Great myths of Funeralworld

Charles Cowling



Posted by Richard Rawlinson

No. 1: If politicians stopped shirking the critical issue of grave space running out in urban churchyards and cemeteries, and instead hastened legislation to reuse graves after a period of 75 years, they would be hounded out of office by an outraged public, and tabloid headlines such as, ‘Government to dig up Grandma’.

When reuse has been piloted in London, far from a loud outcry, there’s been praise that traditional graveyards are no longer, er, dead space: lovely old headstones are engraved on both sides—recycling at its most creative. By digging deeper, old and new bodies can also cohabit. 

The Victorians had no qualms about this. And in Greece today, and some other Orthodox countries, a body is buried only for about six years, at which time the grave is reused. There’s no scandal when, in a religious ceremony, bodily remains are dug up, the bones cleaned and stored elsewhere.

When Cardinal Newman’s grave was opened nearly 120 years after his death nothing of his body or skeleton remained. How many prime sites are, in fact, vacant?   

15 thoughts on “Great myths of Funeralworld

  1. Charles Cowling
    Ian Quance

    Interesting debate – unfortunately we have concentrated on what goes on above ground at the expense of what goes on below for far too long. Out of sight etc.
    New cemeteries have to satisfy all sorts of criteria with regard to drainage but the ability of a soil to allow natural aerobic decomposition is ignored (at least in the UK). The result is that many bodies are sealed in deep clay subsoil where they will rot slowly.
    The Natural Burial movement is generally just as guilty in this regard despite common regulation about what is buried along with the body. I have been as guilty as anyone in this respect and fell into wanting to classify Natural Burial grounds by the resulting landscape rather than on their ability to provide a soil capable of being an agent of decomposition.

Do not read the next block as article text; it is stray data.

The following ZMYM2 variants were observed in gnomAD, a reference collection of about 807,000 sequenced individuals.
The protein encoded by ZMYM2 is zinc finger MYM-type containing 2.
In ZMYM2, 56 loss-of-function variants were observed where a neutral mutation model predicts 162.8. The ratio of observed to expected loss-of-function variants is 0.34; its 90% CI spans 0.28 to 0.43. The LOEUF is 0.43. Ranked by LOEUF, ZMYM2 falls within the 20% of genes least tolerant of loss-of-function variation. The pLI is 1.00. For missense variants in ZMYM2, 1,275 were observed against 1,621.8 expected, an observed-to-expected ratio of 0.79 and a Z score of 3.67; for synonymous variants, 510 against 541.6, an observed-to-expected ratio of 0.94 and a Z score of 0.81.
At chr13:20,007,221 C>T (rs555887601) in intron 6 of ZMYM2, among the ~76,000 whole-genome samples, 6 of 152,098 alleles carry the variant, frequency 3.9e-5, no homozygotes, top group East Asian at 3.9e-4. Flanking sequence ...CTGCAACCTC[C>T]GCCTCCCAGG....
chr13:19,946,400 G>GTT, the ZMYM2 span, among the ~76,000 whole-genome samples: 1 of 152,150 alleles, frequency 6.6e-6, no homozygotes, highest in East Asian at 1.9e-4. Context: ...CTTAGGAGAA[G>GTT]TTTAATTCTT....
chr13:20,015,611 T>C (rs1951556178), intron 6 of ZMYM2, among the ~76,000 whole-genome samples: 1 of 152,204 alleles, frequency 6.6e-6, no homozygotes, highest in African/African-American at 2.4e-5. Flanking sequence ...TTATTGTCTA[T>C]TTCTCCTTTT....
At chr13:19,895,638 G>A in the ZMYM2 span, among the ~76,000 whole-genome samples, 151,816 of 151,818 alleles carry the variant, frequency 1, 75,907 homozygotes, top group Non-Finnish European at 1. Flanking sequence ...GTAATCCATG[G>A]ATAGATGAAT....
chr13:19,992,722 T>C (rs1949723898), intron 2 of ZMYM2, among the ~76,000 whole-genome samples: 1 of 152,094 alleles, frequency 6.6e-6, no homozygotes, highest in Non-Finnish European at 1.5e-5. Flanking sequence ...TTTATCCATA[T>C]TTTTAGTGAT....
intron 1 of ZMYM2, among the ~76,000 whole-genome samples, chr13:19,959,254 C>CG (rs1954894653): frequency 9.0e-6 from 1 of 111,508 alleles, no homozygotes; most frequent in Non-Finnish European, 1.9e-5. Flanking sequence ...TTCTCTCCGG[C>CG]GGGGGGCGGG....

It is vital that we separate consideration of natural burial, a low carbon & meaningful funeral and the management of NBGs in order to move forward – they are separate issues.
    As an addendum; most of the municipal cemeteries that are considered ‘full’ have in fact acres of burial space in the soil above the last coffin, which until recently would have been six feet deep. We have been offering such graves for five years now in Exeter and they have proved perfectly acceptable to the public who support the move and prefer to have a grave in an older part of the cemetery with established flora and fauna.

    Charles Cowling
  2. Charles Cowling

    “More of the 70% who choose cremation would perhaps go for burial if there was more reuse of churchyards and cemeteries as well as the woodland site option.”

    Do you think so? That’s assuming they choose cremation for its ‘take up less space ‘ ethic – I’m not sure they do – I think it’s perhaps more the sanitised, neat, speedy, (very speedy) hands off the body/coffin ethic….

    The Greeks often ‘bury’ in above ground tombs to speed up the drying out process, and the womenfolk go and check periodically to see how the bones are coming along – I seem to remember 2 years being about how long it takes to get them ready to be lifted out and moved to the ossary – 2 years is a goodly length of time for grieving to be marked by a fresh ritual I think.

    I too like the idea of a boney resurrection and relocation of some sort by someone who loved me.

    “Britain’s burial grounds are monuments to amnesia — oblivion made manifest.”
    Ooo er Charles, that statement looks a bit stark…. but may be, I fear, the truth. I still like the idea of a collection of the ancestors in a safe place nearby – even if I don’t specifically ‘visit’, it’s nice to drive by and think “Grandad’s in there.” Another debate about where the dead are put is hidden in here – they’re not really part of the community any more are they? (Unlike Greece for example)

    Charles Cowling
  3. Charles Cowling